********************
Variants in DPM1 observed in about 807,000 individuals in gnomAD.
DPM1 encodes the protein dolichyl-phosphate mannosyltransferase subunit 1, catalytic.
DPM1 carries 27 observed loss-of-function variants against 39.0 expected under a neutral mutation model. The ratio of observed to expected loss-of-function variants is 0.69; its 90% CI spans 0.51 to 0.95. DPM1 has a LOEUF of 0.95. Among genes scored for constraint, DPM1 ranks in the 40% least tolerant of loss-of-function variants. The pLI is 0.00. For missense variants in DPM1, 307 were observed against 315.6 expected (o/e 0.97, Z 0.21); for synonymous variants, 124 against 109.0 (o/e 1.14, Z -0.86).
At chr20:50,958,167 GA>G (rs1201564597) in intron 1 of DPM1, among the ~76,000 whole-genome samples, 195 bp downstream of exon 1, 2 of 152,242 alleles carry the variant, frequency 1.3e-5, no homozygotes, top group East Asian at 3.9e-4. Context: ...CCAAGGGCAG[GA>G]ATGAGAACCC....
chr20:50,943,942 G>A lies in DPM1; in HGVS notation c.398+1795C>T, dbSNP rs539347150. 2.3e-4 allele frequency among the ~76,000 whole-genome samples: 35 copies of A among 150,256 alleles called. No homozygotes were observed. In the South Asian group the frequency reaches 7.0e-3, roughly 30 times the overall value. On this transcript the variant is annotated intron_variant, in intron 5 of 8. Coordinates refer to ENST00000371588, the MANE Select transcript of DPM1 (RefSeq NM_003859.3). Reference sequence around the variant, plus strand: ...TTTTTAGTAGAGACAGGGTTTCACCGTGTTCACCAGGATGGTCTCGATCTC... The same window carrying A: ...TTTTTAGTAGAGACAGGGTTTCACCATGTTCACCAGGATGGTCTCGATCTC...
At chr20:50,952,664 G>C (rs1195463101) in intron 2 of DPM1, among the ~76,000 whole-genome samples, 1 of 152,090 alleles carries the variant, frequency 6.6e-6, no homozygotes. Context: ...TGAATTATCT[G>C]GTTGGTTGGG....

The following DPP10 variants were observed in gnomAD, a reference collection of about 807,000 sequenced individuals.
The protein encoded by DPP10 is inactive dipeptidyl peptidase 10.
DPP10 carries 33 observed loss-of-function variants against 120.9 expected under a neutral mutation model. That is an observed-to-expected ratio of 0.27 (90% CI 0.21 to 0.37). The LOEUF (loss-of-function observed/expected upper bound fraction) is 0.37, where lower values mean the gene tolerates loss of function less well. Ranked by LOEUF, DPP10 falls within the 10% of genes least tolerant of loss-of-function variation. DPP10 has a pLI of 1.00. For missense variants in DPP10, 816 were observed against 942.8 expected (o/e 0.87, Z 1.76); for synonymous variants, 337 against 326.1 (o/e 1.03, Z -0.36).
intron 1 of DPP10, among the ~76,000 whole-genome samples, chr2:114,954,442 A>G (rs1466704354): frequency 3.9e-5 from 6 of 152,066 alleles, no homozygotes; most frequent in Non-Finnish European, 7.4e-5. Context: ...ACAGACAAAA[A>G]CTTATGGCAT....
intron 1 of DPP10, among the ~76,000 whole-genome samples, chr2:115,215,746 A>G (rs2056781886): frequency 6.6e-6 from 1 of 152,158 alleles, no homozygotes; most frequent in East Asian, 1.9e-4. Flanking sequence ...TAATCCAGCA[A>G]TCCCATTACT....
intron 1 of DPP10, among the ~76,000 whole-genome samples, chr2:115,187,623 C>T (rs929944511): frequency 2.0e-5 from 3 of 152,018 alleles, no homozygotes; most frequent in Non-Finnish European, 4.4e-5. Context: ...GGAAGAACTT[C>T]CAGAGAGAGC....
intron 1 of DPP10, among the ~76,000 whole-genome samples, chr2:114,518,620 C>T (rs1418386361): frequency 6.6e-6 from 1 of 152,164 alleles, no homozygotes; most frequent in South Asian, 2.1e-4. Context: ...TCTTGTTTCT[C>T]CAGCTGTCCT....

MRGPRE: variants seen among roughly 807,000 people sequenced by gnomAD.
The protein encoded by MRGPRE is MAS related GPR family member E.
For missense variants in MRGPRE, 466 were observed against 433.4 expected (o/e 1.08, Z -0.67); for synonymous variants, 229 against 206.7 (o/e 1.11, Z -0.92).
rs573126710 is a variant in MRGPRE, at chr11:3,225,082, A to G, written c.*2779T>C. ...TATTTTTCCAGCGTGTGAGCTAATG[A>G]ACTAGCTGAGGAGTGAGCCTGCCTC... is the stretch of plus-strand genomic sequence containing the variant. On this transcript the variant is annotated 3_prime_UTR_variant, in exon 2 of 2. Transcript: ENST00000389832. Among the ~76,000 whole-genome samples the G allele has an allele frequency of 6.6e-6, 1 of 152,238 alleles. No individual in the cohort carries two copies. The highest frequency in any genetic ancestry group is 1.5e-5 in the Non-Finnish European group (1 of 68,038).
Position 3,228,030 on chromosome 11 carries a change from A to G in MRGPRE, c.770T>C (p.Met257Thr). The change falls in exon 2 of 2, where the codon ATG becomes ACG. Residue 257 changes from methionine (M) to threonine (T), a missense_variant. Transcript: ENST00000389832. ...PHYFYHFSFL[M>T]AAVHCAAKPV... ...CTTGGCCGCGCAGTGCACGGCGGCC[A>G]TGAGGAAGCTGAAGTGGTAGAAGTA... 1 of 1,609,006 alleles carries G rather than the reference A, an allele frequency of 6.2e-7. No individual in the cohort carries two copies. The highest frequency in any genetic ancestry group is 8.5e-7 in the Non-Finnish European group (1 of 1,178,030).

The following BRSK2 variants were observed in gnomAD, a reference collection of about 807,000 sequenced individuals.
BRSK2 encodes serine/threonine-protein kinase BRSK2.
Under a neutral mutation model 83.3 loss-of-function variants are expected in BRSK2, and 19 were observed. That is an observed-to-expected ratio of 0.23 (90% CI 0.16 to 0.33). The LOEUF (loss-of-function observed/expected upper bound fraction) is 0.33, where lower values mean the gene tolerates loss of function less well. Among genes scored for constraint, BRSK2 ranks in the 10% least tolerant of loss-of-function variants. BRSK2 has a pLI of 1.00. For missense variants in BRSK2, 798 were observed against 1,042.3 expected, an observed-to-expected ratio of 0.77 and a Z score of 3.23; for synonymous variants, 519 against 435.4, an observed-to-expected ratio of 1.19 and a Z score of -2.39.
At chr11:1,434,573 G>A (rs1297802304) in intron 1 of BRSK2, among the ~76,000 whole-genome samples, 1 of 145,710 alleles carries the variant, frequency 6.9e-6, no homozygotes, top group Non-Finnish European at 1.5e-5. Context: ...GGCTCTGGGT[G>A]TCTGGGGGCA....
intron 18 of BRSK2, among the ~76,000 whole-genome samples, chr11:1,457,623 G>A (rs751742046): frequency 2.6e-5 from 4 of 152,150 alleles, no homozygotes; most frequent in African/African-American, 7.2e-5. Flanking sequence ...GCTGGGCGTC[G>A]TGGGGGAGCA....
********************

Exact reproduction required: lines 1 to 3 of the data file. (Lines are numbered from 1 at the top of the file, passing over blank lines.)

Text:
Variants in DPM1 observed in about 807,000 individuals in gnomAD.
DPM1 encodes the protein dolichyl-phosphate mannosyltransferase subunit 1, catalytic.
DPM1 carries 27 observed loss-of-function variants against 39.0 expected under a neutral mutation model. The ratio of observed to expected loss-of-function variants is 0.69; its 90% CI spans 0.51 to 0.95. DPM1 has a LOEUF of 0.95. Among genes scored for constraint, DPM1 ranks in the 40% least tolerant of loss-of-function variants. The pLI is 0.00. For missense variants in DPM1, 307 were observed against 315.6 expected (o/e 0.97, Z 0.21); for synonymous variants, 124 against 109.0 (o/e 1.14, Z -0.86).